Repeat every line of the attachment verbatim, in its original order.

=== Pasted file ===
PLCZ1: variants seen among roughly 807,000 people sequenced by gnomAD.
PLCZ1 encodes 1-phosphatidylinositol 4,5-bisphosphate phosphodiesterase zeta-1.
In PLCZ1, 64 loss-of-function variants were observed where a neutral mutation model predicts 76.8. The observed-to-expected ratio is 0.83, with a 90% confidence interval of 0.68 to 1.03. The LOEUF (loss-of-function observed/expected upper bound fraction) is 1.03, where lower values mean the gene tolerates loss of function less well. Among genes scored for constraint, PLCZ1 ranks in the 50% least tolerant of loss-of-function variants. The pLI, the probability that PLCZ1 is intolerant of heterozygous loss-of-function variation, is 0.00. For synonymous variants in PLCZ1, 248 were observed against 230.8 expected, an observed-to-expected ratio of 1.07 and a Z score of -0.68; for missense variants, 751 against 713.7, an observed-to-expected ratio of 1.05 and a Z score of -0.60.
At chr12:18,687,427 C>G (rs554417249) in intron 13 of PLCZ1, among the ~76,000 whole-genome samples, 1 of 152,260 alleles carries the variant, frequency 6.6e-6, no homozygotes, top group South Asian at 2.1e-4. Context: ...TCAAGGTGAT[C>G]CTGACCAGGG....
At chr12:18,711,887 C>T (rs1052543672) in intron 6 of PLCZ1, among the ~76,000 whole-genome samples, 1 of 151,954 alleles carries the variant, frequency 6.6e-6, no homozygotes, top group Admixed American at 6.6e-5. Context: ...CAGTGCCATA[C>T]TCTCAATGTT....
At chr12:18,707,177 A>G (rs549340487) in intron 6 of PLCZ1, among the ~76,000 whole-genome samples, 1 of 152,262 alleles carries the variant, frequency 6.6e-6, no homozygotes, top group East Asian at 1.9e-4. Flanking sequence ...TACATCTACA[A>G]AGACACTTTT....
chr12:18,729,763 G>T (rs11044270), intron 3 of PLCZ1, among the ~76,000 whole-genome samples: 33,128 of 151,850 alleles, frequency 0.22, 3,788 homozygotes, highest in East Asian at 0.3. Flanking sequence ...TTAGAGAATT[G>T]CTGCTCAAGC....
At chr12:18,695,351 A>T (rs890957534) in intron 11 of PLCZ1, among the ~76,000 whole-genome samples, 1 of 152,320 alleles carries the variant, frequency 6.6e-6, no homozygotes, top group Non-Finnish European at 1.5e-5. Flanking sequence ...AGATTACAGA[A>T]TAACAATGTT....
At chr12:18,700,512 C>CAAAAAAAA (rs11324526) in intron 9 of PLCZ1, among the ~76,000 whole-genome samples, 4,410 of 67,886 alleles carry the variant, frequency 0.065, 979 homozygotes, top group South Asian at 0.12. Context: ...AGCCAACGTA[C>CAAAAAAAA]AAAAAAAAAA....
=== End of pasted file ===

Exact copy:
PLCZ1: variants seen among roughly 807,000 people sequenced by gnomAD.
PLCZ1 encodes 1-phosphatidylinositol 4,5-bisphosphate phosphodiesterase zeta-1.
In PLCZ1, 64 loss-of-function variants were observed where a neutral mutation model predicts 76.8. The observed-to-expected ratio is 0.83, with a 90% confidence interval of 0.68 to 1.03. The LOEUF (loss-of-function observed/expected upper bound fraction) is 1.03, where lower values mean the gene tolerates loss of function less well. Among genes scored for constraint, PLCZ1 ranks in the 50% least tolerant of loss-of-function variants. The pLI, the probability that PLCZ1 is intolerant of heterozygous loss-of-function variation, is 0.00. For synonymous variants in PLCZ1, 248 were observed against 230.8 expected, an observed-to-expected ratio of 1.07 and a Z score of -0.68; for missense variants, 751 against 713.7, an observed-to-expected ratio of 1.05 and a Z score of -0.60.
At chr12:18,687,427 C>G (rs554417249) in intron 13 of PLCZ1, among the ~76,000 whole-genome samples, 1 of 152,260 alleles carries the variant, frequency 6.6e-6, no homozygotes, top group South Asian at 2.1e-4. Context: ...TCAAGGTGAT[C>G]CTGACCAGGG....
At chr12:18,711,887 C>T (rs1052543672) in intron 6 of PLCZ1, among the ~76,000 whole-genome samples, 1 of 151,954 alleles carries the variant, frequency 6.6e-6, no homozygotes, top group Admixed American at 6.6e-5. Context: ...CAGTGCCATA[C>T]TCTCAATGTT....
At chr12:18,707,177 A>G (rs549340487) in intron 6 of PLCZ1, among the ~76,000 whole-genome samples, 1 of 152,262 alleles carries the variant, frequency 6.6e-6, no homozygotes, top group East Asian at 1.9e-4. Flanking sequence ...TACATCTACA[A>G]AGACACTTTT....
chr12:18,729,763 G>T (rs11044270), intron 3 of PLCZ1, among the ~76,000 whole-genome samples: 33,128 of 151,850 alleles, frequency 0.22, 3,788 homozygotes, highest in East Asian at 0.3. Flanking sequence ...TTAGAGAATT[G>T]CTGCTCAAGC....
At chr12:18,695,351 A>T (rs890957534) in intron 11 of PLCZ1, among the ~76,000 whole-genome samples, 1 of 152,320 alleles carries the variant, frequency 6.6e-6, no homozygotes, top group Non-Finnish European at 1.5e-5. Flanking sequence ...AGATTACAGA[A>T]TAACAATGTT....
At chr12:18,700,512 C>CAAAAAAAA (rs11324526) in intron 9 of PLCZ1, among the ~76,000 whole-genome samples, 4,410 of 67,886 alleles carry the variant, frequency 0.065, 979 homozygotes, top group South Asian at 0.12. Context: ...AGCCAACGTA[C>CAAAAAAAA]AAAAAAAAAA....